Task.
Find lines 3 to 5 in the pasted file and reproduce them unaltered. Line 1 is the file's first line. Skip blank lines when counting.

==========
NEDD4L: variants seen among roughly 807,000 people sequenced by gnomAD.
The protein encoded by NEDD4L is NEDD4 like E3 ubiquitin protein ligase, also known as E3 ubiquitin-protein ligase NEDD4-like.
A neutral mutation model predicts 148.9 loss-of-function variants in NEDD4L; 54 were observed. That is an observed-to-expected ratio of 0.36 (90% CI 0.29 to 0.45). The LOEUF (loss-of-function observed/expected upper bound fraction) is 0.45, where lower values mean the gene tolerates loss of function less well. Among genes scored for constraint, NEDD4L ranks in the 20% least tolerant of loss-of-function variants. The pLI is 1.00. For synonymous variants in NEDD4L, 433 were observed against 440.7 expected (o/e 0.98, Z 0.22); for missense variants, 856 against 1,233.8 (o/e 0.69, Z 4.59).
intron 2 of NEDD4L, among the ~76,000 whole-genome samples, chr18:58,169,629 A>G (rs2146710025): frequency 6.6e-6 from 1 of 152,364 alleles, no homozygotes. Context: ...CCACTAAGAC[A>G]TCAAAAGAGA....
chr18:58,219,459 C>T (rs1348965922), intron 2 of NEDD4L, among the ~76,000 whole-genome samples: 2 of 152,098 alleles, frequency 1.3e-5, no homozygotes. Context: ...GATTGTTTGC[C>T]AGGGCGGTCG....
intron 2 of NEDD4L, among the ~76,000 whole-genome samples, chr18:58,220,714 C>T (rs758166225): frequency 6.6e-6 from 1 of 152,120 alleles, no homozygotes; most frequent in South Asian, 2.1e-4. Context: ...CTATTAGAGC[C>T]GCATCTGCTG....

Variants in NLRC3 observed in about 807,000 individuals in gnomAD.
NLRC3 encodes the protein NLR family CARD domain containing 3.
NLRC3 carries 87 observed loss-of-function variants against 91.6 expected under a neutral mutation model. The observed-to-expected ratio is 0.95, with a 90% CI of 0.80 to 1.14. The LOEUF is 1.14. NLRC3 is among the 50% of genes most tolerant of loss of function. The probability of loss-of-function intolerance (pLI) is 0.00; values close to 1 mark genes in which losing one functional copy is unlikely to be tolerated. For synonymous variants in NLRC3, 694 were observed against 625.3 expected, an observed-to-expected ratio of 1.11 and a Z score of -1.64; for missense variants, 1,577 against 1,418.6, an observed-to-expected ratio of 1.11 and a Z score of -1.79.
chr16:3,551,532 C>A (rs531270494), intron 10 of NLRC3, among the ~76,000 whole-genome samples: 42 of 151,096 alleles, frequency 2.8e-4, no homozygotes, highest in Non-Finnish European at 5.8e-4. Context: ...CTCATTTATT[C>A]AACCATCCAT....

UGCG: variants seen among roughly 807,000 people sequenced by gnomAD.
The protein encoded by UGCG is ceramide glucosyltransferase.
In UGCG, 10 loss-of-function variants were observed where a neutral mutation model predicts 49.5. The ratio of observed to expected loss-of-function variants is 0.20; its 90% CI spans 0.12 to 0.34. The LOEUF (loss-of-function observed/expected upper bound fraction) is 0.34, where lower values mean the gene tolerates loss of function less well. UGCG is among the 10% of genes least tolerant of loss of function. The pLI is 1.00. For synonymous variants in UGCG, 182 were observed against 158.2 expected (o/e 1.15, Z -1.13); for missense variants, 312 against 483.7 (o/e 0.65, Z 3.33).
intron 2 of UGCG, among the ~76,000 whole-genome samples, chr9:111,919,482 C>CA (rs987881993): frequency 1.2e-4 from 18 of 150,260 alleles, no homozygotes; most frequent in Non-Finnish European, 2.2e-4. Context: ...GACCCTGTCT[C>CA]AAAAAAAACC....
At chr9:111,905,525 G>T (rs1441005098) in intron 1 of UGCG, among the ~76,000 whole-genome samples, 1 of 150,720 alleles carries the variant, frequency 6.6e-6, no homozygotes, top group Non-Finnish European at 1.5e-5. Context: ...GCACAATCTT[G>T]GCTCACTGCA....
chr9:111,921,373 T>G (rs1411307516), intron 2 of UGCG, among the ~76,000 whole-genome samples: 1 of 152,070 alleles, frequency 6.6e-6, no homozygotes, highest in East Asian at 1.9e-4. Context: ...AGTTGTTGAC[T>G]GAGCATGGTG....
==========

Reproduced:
A neutral mutation model predicts 148.9 loss-of-function variants in NEDD4L; 54 were observed. That is an observed-to-expected ratio of 0.36 (90% CI 0.29 to 0.45). The LOEUF (loss-of-function observed/expected upper bound fraction) is 0.45, where lower values mean the gene tolerates loss of function less well. Among genes scored for constraint, NEDD4L ranks in the 20% least tolerant of loss-of-function variants. The pLI is 1.00. For synonymous variants in NEDD4L, 433 were observed against 440.7 expected (o/e 0.98, Z 0.22); for missense variants, 856 against 1,233.8 (o/e 0.69, Z 4.59).
intron 2 of NEDD4L, among the ~76,000 whole-genome samples, chr18:58,169,629 A>G (rs2146710025): frequency 6.6e-6 from 1 of 152,364 alleles, no homozygotes. Context: ...CCACTAAGAC[A>G]TCAAAAGAGA....
chr18:58,219,459 C>T (rs1348965922), intron 2 of NEDD4L, among the ~76,000 whole-genome samples: 2 of 152,098 alleles, frequency 1.3e-5, no homozygotes. Context: ...GATTGTTTGC[C>T]AGGGCGGTCG....